Israel Table of Contents

Israel depends almost totally on imported fuel for its energy requirements; domestic production of crude petroleum and natural gas is negligible. After the June 1967 War, Israel acquired a large portion of its oil supply from captured Egyptian fields in the Sinai Peninsula. In 1979 these fields were returned to Egypt. Exploration within Israel was continuing in the mid-1980s, with interest centered on the Dead Sea and northern Negev areas, as well as in the Helez region along the coastal plain near Ashqelon. Despite having spent about US$250 million between 1975 and 1985 searching for oil, Israel remained almost devoid of domestic energy sources. By 1986 domestic and foreign oil exploration in Israel ground to a near halt, although Occidental Petroleum (headed by Armand Hammer) continued its seismic studies in preparation for future drilling.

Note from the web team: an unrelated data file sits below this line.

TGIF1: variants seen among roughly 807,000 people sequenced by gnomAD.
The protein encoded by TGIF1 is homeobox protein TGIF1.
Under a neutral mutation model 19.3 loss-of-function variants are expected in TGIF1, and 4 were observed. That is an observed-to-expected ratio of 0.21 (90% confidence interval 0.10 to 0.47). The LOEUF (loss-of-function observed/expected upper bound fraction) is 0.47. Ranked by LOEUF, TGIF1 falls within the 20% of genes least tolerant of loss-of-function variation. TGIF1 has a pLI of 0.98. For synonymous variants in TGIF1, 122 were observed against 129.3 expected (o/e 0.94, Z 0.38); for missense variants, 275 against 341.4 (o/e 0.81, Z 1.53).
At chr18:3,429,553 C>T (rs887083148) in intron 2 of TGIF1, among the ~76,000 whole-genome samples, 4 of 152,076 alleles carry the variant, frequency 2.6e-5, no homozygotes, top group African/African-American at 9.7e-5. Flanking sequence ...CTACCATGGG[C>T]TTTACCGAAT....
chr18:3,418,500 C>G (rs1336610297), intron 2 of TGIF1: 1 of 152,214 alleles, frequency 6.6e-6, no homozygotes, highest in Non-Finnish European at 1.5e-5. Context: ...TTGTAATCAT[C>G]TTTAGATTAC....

Because of the failure to find economically worthwhile deposits of fossil fuels, Israel has devoted large sums to developing other energy sources, particularly solar energy. In fact, Israel has long been an acknowledged leader in this field. Overall, the structure of Israel's energy economy has changed considerably since 1973. Between 1982 and 1984, about 50 percent of Israel's electricity came from coal. By 1985 oil-to-coal conversion programs made coal the source of 17 percent of Israel's primary energy. It appeared unlikely in 1988 that a major improvement in Israel's energy balance would occur.

The Arab oil embargo and the Iranian Islamic Revolution have forced Israel to diversify both its coal and oil imports. In 1986 Israel's major sources of coal were Australia, South Africa, and Britain. The bulk of Israel's oil came from Mexico and Egypt.

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Source: U.S. Library of Congress